Report 2011-601 Summary - August 2011
The California State Auditor's Updated Assessment of High‑Risk Issues the State and Select State Agencies Face
Legislation effective in January 2005 authorizes the State Auditor's Office to develop a risk assessment process. We issued two previous assessments of high-risk issues facing the State. In our current review, we identified an additional issue as being at high risk:
- Funding of the Defined Benefit Program of the California State Teachers' Retirement System (CalSTRS)—laws governing the contribution rates have not changed in decades and the program is currently underfunded.
- We found that most of the issues we identified in 2009 as posing a high risk to the State continue to be a high risk:
- The State's budget condition—ongoing budget deficits remain. The State has not yet implemented effective strategies for achieving a balanced budget.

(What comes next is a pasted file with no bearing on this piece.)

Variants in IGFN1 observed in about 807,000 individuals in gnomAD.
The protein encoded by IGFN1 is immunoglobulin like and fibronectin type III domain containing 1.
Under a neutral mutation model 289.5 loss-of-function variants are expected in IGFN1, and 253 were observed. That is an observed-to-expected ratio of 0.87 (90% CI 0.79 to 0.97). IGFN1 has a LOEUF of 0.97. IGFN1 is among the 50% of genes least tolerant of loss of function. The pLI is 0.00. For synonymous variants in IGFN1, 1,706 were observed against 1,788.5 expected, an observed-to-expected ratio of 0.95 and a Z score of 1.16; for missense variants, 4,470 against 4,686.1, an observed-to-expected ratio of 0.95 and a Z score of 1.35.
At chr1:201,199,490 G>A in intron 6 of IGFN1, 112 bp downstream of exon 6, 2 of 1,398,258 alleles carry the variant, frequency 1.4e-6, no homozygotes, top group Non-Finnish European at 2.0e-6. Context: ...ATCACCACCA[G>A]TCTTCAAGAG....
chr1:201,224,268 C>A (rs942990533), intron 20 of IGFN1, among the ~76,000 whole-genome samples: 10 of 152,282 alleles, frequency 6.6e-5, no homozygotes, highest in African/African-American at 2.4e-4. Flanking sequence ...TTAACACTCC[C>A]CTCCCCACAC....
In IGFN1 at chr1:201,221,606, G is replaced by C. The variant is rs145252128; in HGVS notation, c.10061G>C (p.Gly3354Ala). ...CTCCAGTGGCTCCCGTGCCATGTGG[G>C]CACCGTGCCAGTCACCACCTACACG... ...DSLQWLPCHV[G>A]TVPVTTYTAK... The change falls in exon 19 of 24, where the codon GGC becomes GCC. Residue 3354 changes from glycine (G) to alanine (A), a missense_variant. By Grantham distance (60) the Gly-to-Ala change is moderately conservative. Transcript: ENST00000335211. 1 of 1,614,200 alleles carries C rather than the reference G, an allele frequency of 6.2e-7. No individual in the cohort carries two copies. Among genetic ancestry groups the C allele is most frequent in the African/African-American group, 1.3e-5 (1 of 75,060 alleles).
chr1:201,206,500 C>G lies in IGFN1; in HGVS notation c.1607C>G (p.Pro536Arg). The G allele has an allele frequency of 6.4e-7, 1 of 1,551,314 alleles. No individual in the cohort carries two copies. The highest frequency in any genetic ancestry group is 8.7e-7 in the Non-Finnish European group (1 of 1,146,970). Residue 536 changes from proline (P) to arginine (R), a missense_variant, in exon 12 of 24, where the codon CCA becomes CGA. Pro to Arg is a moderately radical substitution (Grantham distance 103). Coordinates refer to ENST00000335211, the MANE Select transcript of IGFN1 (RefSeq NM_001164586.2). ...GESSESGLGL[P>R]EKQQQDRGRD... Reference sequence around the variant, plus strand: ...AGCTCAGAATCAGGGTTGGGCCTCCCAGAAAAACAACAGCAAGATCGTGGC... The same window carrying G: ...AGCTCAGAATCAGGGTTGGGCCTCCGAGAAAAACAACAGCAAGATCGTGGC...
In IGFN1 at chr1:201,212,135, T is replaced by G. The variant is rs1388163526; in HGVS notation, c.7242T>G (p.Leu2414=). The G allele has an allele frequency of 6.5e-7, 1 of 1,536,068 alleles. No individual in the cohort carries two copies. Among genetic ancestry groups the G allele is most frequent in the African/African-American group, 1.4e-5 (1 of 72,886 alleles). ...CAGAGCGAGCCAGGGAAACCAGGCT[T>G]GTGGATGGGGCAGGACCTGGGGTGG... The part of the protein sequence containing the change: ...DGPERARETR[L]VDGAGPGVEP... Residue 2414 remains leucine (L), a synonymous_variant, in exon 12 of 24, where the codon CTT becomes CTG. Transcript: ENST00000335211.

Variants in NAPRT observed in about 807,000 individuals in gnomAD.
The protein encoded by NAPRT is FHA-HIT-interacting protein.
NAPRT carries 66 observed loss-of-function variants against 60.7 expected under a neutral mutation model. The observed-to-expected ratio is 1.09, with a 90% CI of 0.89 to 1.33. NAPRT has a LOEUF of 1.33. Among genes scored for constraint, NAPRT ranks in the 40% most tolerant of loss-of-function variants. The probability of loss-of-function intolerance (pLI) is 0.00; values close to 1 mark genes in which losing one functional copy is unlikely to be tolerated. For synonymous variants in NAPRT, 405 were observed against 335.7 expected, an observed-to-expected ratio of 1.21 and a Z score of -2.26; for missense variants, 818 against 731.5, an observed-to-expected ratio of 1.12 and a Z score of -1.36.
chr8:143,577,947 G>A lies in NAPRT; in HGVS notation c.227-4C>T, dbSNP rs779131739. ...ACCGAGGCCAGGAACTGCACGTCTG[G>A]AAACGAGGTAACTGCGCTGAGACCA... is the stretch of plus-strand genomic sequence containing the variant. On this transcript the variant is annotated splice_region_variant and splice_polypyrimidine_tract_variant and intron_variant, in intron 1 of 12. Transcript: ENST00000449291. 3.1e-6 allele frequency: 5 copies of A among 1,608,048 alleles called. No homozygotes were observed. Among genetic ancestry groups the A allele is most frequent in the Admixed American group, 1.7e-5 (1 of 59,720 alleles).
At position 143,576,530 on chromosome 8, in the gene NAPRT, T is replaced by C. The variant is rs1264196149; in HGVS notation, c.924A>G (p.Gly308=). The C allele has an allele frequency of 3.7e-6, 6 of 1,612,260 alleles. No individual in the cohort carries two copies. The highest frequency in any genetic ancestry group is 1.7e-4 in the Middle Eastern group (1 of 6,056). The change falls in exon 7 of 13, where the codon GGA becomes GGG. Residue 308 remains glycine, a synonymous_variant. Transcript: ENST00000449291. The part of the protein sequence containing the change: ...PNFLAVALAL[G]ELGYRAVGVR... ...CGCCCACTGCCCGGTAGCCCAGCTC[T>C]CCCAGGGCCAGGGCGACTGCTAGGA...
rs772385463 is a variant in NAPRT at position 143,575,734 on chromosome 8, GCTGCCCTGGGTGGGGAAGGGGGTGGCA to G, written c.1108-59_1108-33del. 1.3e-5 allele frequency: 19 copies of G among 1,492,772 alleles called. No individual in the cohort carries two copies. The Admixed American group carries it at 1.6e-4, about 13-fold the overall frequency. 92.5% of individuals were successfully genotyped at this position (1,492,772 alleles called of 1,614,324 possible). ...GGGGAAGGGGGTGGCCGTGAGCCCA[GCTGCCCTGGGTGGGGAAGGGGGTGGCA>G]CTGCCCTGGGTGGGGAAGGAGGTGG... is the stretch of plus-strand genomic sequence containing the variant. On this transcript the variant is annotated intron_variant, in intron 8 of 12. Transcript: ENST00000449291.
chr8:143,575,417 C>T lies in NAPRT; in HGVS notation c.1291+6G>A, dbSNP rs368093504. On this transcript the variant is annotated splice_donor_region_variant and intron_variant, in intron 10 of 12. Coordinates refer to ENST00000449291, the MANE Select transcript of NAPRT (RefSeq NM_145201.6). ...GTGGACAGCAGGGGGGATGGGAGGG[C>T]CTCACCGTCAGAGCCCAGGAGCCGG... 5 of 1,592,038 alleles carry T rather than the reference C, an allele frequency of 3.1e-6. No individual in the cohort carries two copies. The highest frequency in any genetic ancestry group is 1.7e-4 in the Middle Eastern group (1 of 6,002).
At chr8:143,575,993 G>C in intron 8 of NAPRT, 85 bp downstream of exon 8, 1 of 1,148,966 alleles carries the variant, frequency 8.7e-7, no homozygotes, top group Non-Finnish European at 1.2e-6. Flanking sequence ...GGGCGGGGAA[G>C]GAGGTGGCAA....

- Paying for and accounting for retiree health benefits through the pay-as-you-go method is unchanged. The State's estimated liability increased $12 billion over the previous two years.
- Administration of the billions of federal funds the State received under the American Recovery and Reinvestment Act of 2009—some departments may have to soon forfeit unspent funds.
- Managing the State's prison population and prison institutions.
- Production and delivery of electricity—possible unmet targets to increase the use of renewable electricity sources and the need to replace certain power plants.
- Maintaining and improving infrastructure.
- Managing the State's workforce.
- State's level of emergency preparedness.
- Information technology oversight.